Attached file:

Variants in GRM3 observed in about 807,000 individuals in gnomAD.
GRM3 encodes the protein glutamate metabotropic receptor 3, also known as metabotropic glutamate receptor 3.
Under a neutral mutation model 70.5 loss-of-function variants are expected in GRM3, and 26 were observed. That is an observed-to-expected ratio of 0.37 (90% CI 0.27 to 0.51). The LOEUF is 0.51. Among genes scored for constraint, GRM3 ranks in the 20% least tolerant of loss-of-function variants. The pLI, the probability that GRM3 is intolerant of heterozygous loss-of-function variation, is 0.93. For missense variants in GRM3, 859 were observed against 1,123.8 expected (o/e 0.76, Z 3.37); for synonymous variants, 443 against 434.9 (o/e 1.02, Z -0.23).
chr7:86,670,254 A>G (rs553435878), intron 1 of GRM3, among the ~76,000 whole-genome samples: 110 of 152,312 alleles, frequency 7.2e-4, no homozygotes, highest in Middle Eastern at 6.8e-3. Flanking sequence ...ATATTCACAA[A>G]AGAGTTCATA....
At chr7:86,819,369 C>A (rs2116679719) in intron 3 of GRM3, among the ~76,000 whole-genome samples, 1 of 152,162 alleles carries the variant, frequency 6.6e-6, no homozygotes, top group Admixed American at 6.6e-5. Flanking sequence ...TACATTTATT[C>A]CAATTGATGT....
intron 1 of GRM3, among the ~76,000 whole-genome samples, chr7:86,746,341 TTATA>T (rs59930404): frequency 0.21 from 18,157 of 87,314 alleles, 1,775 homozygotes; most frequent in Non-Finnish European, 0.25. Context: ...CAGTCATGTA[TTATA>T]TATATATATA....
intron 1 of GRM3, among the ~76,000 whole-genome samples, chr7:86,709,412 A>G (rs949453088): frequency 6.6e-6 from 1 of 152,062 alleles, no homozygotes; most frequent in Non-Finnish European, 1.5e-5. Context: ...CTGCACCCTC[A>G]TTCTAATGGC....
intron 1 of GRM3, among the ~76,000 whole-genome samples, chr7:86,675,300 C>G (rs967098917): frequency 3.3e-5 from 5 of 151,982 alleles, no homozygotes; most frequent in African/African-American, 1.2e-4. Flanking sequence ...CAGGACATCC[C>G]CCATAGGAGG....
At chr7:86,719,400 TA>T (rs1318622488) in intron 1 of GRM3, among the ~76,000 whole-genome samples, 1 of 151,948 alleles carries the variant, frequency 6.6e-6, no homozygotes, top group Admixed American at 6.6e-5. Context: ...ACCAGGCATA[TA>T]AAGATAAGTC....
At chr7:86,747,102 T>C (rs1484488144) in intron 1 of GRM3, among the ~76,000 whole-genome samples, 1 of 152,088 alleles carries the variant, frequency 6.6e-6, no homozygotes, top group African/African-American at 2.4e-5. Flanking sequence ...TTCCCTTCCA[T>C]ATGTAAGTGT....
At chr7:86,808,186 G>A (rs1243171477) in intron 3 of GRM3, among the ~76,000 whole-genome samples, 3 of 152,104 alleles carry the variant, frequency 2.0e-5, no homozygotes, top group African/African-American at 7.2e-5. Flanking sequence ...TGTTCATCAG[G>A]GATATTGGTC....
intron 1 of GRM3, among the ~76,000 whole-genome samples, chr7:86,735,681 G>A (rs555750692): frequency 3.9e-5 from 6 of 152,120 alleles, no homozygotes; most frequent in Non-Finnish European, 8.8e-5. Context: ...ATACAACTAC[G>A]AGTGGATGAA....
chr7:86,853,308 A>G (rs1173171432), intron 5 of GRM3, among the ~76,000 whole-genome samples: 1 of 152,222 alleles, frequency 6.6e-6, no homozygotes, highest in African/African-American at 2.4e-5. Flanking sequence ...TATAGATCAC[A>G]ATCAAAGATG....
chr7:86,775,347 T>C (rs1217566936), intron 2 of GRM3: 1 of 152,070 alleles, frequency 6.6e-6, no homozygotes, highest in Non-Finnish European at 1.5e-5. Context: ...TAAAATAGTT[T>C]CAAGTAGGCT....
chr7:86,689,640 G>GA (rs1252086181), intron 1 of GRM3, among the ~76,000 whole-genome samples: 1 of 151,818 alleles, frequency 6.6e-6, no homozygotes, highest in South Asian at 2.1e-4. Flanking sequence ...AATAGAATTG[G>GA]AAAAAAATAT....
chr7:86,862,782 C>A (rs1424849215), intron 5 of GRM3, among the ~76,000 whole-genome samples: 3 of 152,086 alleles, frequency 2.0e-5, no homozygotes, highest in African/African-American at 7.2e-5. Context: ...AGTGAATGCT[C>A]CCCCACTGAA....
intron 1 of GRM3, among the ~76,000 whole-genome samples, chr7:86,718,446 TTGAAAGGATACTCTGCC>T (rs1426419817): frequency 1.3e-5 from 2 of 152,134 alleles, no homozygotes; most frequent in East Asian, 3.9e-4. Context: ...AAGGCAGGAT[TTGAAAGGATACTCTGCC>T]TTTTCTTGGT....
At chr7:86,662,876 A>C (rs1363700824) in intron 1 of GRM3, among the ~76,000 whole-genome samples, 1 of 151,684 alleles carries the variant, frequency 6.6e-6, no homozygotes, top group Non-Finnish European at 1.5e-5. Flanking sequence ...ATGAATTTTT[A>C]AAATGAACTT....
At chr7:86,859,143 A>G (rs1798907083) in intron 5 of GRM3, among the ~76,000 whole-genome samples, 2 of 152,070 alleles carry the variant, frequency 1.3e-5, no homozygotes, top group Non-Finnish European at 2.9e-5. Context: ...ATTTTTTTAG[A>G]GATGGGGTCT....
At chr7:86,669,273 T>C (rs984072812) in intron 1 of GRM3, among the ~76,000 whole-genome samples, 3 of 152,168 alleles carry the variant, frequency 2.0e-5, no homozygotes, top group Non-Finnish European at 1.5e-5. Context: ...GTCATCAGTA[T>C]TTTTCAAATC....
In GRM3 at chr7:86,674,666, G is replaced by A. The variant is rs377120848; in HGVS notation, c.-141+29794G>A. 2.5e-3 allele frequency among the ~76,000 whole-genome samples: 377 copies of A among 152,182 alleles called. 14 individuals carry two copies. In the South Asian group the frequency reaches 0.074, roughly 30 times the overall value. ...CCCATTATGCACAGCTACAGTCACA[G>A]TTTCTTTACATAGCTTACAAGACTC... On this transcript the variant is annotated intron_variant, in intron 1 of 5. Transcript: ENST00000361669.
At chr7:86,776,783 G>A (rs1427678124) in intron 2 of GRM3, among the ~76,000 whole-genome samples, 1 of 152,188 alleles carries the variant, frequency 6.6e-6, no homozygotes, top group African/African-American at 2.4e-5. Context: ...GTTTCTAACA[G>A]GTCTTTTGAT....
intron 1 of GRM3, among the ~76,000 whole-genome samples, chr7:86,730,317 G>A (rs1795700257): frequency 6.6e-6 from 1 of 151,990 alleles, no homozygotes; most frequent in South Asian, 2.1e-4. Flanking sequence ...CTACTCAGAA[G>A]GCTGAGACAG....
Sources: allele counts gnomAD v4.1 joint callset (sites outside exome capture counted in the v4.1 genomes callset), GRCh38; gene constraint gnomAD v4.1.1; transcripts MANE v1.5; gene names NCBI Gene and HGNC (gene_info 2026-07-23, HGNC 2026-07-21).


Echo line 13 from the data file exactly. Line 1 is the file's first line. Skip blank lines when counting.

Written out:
chr7:86,853,308 A>G (rs1173171432), intron 5 of GRM3, among the ~76,000 whole-genome samples: 1 of 152,222 alleles, frequency 6.6e-6, no homozygotes, highest in African/African-American at 2.4e-5. Flanking sequence ...TATAGATCAC[A>G]ATCAAAGATG....